Are We Really Rationally Rationalizing?

Sigmund FreudFreud was really the “Father of Rationalizing.”

Don’t get me wrong, I’m sure many have benefited from psychoanalysis over the years, yet the “compartmentalization” Freud offered to the thinking world has disturbing consequences.

Our world seethes with emotional and physical difficulties in which we can conveniently categorize into compartments in which we have no responsibility.  If we think of something uncomfortable, our ego is reasserting itself.  If we engage in wanton sex merely as a means to “still the urge,” well this is nothing more than the expression of our libido.  Of course, we have no desire to acknowledge our “id”–“it” merely exists for its own self-fulfillment and who could fault anything for just existing?

In case anyone has not noticed, humanity has issues.  People everywhere are trying to find meaning in order to make sense of their surroundings.  We have sought meaning in power, in wealth, in change and even in personalities–network television makes millions, if not billions, off the visceral need for people to live out their lives vicariously through characters in “un-reality shows.”

Secularism finds it rather unsettling to embrace the evidence of a “higher power” which surrounds everything.  The first response is to look inward.  This in itself can be unrewarding since what is “inside” is usually demonstrated on the “outside.”  There are some very fine minds who seek to guide the masses by centralizing all thought and motivation on the Self through positivism relying on the belief we have the power to “change” our circumstances.  Some circumstances can be changed by us; Newton’s Law demands a reaction to every action and observation surmises this also works in society.  I believe the Bible reminds us of this as well: we will reap what we sow.

Now if we are indeed the “center of our being, our reality,” (not a new idea, China used to call itself Chung Kwo or “Middle Kingdom” because it thought it was the “center of all”) does this mean we are then willing to be responsible for our actions?  Claiming our egos drive thoughts, emotions and reactions argues against this.  Claiming to be the center is nothing more than the rehashing of the “Big Bang” theory–everything started from a single point, we don’t know how it got there and we have no idea what made it go “boom!”  It did, we’re here and I’m in charge!

Really.  Seriously?

I have a relatively good memory.  Having this, I remember most, if not all of my actions and thoughts, though I have relegated many to forgetfulness.  I have noticed having this memory produces many things: guilt, fear, loss, humility, arrogance, pride, love, joy, hate and kindness among many others.  Granted, not all at once, but these all lurk in the shadows of my memory.  If I desire to be honest, these emotions can be overwhelming (literally they can cover me like a flood) and they are convicting.  Herein lies my dilemma: why out of all my memories do I consistently have problems with those being most negative and destructive?  It’s not that I never think “good thoughts,” but why do the “bad thoughts” cause so much pain and anguish?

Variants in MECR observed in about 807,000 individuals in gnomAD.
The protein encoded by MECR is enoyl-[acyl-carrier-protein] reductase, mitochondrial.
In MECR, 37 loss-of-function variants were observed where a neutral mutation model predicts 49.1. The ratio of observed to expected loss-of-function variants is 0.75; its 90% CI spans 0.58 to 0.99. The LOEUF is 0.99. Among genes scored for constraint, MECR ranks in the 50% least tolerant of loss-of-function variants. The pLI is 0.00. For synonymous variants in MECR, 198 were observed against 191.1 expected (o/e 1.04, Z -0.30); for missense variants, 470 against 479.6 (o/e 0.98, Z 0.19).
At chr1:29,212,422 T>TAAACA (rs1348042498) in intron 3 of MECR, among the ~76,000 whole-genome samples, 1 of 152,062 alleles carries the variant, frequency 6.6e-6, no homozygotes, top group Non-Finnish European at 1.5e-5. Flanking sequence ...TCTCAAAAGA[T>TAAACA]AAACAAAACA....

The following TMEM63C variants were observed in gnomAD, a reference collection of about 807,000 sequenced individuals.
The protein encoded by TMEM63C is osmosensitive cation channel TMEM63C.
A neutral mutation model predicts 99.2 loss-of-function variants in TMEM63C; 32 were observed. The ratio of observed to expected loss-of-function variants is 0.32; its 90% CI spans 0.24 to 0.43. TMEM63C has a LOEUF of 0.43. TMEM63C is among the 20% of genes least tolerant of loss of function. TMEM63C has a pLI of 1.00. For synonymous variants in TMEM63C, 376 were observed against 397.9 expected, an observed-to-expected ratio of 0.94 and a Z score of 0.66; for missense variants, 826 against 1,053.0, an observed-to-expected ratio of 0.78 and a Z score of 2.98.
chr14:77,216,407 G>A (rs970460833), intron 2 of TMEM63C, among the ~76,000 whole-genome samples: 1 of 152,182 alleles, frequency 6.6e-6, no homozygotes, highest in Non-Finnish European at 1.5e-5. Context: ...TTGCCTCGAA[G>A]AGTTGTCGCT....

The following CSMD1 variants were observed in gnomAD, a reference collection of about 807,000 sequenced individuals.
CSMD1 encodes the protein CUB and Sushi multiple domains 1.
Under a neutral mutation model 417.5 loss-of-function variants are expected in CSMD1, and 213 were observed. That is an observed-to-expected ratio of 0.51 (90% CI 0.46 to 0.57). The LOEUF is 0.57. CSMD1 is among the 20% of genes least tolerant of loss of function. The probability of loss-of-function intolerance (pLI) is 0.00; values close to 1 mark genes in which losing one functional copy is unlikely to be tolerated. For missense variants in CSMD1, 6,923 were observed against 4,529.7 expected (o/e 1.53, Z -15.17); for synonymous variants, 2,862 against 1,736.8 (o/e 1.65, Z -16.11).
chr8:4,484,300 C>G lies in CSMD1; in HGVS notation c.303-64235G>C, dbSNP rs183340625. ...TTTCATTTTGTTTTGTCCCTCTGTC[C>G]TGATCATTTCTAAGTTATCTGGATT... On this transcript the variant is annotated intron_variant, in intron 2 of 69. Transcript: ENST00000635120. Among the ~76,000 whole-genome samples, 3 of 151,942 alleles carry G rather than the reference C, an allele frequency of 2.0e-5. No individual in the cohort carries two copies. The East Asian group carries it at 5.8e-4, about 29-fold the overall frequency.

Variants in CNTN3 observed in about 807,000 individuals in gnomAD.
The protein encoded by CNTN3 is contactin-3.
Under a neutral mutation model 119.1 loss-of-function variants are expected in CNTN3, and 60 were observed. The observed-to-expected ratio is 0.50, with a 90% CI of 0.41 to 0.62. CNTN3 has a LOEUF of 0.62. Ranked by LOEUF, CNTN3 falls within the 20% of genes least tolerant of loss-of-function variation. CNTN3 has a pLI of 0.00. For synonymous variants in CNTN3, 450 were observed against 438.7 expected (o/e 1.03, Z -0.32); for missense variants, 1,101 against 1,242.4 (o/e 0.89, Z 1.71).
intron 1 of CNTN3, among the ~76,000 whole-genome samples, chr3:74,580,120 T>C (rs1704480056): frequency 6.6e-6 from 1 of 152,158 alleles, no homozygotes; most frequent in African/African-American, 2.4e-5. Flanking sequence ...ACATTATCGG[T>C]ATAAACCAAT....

Secularism attempts to build a world detached from the foundation on which all that “is” has true meaning.  The Self can satisfy for a short time, yet the wisdom of maturity convinces us this is silliness–or as one ancient scholar remarked, “This too is vanity.”

My challenge is this: there exists meaning not in a thing, an event, an ideal or ourselves but in a Person.  Such a person must be beyond my own limitations, peccadilloes and idiosyncrasies in order for me not to eventually be disappointed with Him as I have (and all humanity) with other people.  This Man came into this earth in the manner of all humanity, yet He lived a life of perfection and died an unjust, undeserved death.  He is familiar with all of my weaknesses, He knows how I am tempted to do wrong, yet He loves me in spite of it all.  He told people He was the embodiment, that from which all meaning is based, of the Way, the Truth and the Life.  If I trust Him, believe Him through the actions of a life changed by Him, I can experience meaning and eternity beyond this moment, the next one and all of eternity that follows.

In spite of my imperfection, He loves me and I have trusted and love Him.

Have you?

About Jim Grieme

Pastor of Sunset Hills Baptist Church; Disciple of Jesus Christ, husband and owned by five cats--they also occasionally allow me to play tennis between feeding, brushing, puke clean-up & litter box cleaning . . . . . ; )

Posted on December 22, 2011, in Uncategorized. Bookmark the permalink. 2 Comments.

  1. Ah, the Human Dilemma and the Divine Solution.

    • Too bad the “divine” answer is all too often rejected. If only the many could get past the really negative marketing campaign everyone buys into. The answer is both simple and effective. Best of all, it’s free.

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